Analysis of the ritual action
The coming into presence of a specific nat in the ritual pavilion is signalled by several elements in the performance: music, dance, song lyrics, costumes, offerings. Depending on which spirits entered the body of the dancer, the hsaing waing ensemble will perform a specific type of music: refined court songs support the dance of legendary princesses; intense martial rhythms underline the prowess of princes and military commanders. Melodic and rhythmic modules identify specific spirits; they are necessary to make the spirits manifest. These musical modules are accompanied by specific dance and gestural modules, performed by the dancer. The lyrics commemorate the spirits’ legendary stories, celebrating their spiritual powers and underlining the benefits devotees can obtain by worshipping them. Finally, specific elements of ritual costumes and the presentation of offerings help manifest the spirits belonging to the pantheon of the Thirty-seven nats.
The possession dance performance is divided into several dance and musical phases. The video presented here shows those characterising the dance of the Min Lay nat, the younger Taungbyone Lord.
Sung invocation [00:11]
In calling up the spirit of Min Lay, the nat kadaw turns towards the nat statue on the altar in a praying position. Inspired by the nat’s image, the spirit medium improvises a short text on a standard melodic line, supported by the hsaing waing ensemble.
Spoken invocation [00:30]
The spirit medium pronounces a short spoken invocation, not always performed, calling the nat by his name and title.
Spirit embodiment and possession dance [00:41]
The beginning of the possession dances is signalled by the explosive sound of the ensemble and by the shaking hands of the spirit medium, who welcomes the spirit of Min Lay into his body. From now on, the nat is considered to be materially present: the possession dance, which in the case of spirit mediums is always controlled, is a sign of the spirit’s manifestation.
Music and dance modules [00:42-02:12]: The ensemble supports the possession dances by playing the identifying music of the spirit invoked. The metric-rhythmic-melodic modules performed on the tuned drums take a leading role. Similarly, specific gestural and dance modules performed by the dancer show that the nat is present. In the case of Min Lay, these consist of dancing with the index fingers uplifted, to signify the great power the nat holds only in this finger. These elements of music and dance performance constantly recur throughout the possession dance.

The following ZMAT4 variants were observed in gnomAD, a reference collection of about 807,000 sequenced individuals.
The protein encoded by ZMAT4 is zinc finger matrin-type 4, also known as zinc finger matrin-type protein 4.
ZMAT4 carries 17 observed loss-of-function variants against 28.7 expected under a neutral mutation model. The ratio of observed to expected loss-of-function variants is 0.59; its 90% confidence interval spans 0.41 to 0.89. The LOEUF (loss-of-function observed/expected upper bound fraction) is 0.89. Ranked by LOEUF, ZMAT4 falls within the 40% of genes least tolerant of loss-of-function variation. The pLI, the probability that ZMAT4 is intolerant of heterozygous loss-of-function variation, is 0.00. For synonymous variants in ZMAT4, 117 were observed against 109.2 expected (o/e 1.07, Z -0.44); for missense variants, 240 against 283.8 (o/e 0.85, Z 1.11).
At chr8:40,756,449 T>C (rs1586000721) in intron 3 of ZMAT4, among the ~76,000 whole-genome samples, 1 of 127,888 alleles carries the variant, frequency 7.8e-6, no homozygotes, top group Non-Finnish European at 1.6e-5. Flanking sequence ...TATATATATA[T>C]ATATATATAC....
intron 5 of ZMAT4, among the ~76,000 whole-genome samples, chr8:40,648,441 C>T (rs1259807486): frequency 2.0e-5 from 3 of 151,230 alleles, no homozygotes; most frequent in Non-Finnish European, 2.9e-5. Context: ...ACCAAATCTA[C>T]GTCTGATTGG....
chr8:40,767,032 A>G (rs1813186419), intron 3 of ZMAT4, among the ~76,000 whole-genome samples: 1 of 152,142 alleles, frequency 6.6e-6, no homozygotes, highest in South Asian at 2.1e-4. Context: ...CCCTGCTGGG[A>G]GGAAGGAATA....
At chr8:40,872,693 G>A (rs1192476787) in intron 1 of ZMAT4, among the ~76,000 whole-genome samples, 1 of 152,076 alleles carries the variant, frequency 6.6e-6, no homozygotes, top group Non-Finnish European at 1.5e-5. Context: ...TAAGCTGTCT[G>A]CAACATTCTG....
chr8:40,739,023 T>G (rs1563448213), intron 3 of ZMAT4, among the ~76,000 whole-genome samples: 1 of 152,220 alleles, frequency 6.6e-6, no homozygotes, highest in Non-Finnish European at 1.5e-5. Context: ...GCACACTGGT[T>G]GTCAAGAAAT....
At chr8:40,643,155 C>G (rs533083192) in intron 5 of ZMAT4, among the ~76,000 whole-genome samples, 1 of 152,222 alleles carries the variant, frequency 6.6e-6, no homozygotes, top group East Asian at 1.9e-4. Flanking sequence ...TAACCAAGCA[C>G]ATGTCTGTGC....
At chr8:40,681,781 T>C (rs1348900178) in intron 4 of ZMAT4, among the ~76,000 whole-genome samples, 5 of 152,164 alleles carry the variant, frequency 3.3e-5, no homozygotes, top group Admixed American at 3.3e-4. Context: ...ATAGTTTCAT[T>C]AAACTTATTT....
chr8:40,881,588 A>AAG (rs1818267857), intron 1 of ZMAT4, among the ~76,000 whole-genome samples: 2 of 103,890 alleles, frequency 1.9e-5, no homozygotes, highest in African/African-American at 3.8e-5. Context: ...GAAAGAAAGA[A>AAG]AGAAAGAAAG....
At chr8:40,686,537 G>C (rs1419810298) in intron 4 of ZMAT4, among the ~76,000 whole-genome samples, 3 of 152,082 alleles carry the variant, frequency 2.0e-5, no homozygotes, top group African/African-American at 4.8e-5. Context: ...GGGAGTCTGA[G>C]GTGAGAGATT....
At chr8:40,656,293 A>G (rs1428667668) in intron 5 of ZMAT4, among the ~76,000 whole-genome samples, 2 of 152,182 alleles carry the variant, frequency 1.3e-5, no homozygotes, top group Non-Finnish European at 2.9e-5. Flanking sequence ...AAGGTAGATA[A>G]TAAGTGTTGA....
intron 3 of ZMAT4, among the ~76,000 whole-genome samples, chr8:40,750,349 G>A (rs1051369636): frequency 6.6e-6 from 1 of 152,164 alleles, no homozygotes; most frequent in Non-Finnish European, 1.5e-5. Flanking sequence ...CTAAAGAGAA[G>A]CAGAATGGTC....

Sound-movement interactions [01:50]: During the possession dance, the hsaing waing ensemble and the dancer depend on each other and interact via verbal, visual or musical signals. For example, in this video we can see the possessed dancer “requesting” the ensemble to increase the tempo and dynamics by simply getting closer to the drums, or by exchanging a meaningful look with one or more of the musicians. At that point the music will coordinate the dance movement of the possessed dancer.
Distribution of the offerings [01:02-01:47]: The devotees share specific ritual offerings with the nat. These help emphasise the spirit’s personality: for example, Min Lay’s ethnic and religious identity (a Muslim Indian, although unspecified) is highlighted by the offerings of cigarettes, biryani rice and non-alcoholic drinks. The nat repays the offerings giving them his blessing. Once received and consumed, the offerings are immediately re-distributed among the other participants. The sharing and re-distributing of the offerings is an important moment for establishing a mutual relationship between the community of devotees and the spirits.
Entertainment phase [02:13]
The hsaing waing ensemble can perform several songs to entertain the listeners – ideally, the nats invited to the ceremony and the physically present devotees. Songs from the most diverse repertoires can be heard during the entertainment phase: Burmese court songs, modern popular songs or even specific spirit songs (nat chin). Many spirit mediums operating in urban environments today make the most of these moments to show off their vocal skills by performing the vocal part of a song in place of the singers. The audience of devotees is often called on to take part. In the video, the dancer encourages the audience to support the performance by clapping their hands in time with the music.
Departure of the spirit [05:05]
At the end of the entertainment phase, the spirit is dismissed. The spirit medium signals [05:00] to the drum circle player that he intends to conclude the spirit possession dance. The musician leads the ensemble towards the conclusive musical phase. This is characterised by a short resumption of the metric-rhythmic-melodic modules that characterised the initial phase of the spirit possession dance. At the same time, the spirit medium performs the spirit’s distinctive dance and gestural modules again; he then places himself in front of the altar and joins hands in the gesture of prayer. This indicates that the spirit has departed, abandoning his body.